Victoria’s stance echoed that of Western Australian Premier’s Mark McGowan and has the backing of the Queensland state government.
However, NSW Premier Gladys Berejiklian said – on the same day the state recorded a national record of 825 cases – that she was “heartened” by the conversations at national cabinet, though she could not “disclose too much” about a “change in attitude” among state premiers.
“In the last couple of days, I’ve noticed a change in attitude amongst all of us, we accept the Delta is here, we accept getting to zero across the nation, especially once you open up and live freely, will be an impossible task, no other place on the planet has done it,” she said.
The federal government backed in NSW’s stance on Saturday and said it could reopen on its current vaccination targets, regardless of daily cases numbers and despite push back from other states.
The Sunday Age can reveal that despite a record day of 825 new cases in NSW, the Doherty Institute has reinforced its advice to the federal government – and national cabinet – that it is still possible for NSW to begin reopening when the state and country reaches the nationally agreed target of 70 per cent double-vaccinated citizens, even if it has hundreds of daily cases.
The institute’s original modelling for government required that all states had reached at least 70 per cent of residents double-vaccinated.
The modelling assumes that case numbers will continue to increase and the reproduction rate of the virus will remain above one at 70 per cent but that hospitalisations and ICU admissions will decrease as happens with influenza.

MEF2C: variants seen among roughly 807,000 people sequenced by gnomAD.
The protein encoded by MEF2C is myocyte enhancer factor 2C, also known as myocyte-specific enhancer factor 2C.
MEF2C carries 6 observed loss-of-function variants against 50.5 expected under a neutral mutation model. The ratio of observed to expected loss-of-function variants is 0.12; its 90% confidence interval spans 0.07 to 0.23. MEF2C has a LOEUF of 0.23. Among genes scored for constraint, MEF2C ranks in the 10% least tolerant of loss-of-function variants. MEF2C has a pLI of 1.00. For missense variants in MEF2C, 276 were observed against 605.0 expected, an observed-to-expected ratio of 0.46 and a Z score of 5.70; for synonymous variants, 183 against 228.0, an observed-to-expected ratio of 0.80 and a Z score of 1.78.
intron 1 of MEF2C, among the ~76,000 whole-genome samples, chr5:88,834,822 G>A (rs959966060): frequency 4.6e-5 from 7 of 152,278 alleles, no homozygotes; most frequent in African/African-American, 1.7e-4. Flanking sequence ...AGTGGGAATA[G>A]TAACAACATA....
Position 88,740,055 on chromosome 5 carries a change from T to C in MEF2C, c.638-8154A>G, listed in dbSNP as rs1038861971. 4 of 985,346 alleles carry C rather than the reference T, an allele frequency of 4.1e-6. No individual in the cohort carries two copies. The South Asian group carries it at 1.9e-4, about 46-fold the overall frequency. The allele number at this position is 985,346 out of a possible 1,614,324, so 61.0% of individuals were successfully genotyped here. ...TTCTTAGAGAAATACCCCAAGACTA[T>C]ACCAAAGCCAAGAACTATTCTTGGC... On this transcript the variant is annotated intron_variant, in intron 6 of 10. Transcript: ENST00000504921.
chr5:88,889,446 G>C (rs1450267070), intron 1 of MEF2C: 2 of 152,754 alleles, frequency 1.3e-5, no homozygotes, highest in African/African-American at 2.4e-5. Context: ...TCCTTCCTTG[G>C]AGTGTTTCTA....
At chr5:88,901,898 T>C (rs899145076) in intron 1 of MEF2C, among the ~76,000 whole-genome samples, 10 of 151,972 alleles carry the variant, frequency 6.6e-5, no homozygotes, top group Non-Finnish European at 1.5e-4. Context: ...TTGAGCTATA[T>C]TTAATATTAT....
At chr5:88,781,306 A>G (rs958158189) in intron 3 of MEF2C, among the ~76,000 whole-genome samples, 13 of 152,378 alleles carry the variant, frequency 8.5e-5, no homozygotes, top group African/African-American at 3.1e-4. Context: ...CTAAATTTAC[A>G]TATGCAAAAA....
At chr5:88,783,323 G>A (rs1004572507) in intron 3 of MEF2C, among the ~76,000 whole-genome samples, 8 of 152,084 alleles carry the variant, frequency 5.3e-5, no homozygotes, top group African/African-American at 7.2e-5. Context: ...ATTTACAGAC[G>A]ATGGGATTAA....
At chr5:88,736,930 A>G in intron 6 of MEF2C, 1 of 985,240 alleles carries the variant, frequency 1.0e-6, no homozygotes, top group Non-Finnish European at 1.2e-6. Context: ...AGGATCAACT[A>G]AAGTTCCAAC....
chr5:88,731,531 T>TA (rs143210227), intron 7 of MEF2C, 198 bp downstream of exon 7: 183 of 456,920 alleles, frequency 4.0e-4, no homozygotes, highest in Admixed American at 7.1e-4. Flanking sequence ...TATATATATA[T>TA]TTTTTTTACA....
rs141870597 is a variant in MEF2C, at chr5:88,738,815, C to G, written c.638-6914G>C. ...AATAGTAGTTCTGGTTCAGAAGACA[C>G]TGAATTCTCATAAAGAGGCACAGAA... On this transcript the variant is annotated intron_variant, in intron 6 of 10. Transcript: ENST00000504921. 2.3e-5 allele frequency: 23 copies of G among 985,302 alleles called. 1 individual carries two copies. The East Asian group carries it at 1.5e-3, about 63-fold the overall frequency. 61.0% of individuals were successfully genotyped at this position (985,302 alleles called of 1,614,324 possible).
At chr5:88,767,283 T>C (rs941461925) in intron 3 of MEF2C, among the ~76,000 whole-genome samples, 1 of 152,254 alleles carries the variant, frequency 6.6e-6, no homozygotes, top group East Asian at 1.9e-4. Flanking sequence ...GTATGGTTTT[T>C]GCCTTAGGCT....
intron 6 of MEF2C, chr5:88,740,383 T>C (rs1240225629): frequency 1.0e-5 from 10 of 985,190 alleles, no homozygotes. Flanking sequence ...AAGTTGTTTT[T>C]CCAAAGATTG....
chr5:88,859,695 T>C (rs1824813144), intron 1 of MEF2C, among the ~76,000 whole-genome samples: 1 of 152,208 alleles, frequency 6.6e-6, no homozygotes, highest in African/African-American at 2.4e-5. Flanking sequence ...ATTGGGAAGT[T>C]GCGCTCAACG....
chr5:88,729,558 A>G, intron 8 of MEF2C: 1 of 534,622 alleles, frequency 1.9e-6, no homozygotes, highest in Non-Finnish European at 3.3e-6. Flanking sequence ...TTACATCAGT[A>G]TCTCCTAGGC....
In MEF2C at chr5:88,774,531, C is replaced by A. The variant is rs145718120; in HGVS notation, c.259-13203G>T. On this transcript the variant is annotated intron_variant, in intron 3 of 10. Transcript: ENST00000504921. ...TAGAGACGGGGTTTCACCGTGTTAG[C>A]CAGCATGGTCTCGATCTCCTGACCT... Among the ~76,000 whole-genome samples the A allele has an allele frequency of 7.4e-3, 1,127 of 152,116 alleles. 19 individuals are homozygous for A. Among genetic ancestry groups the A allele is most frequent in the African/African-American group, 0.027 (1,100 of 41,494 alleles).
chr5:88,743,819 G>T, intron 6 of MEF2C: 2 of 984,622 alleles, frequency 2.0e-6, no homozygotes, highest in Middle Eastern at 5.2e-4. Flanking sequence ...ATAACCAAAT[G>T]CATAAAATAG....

A spokesman for the federal government said that national cabinet had asked the institute to continue its work to model various reopening scenarios.
“However when we reach the 70 per cent and 80 per cent thresholds the findings are clear that we can move forward with our reopening plan regardless of case numbers because there will be far less serious illness for our health system to manage.”
Professor McCaw said that with the COVID-zero era was effectively over in Australia, but that didn’t mean the virus should be left to spread. He said if the Victorian Government had not responded to contain the recent outbreak there would be many hundreds if not thousands of cases being detected in Victoria each day.
“What we’re seeing in Australia now is I think the very first genuine ‘flattening of the curve’ scenario,” he said.
“If we let the virus spread, we would have overwhelmed the hospital system in NSW weeks ago … We’re just keeping it in control and now it’s an absolute race, and has been for some months, to get vaccination coverage.”
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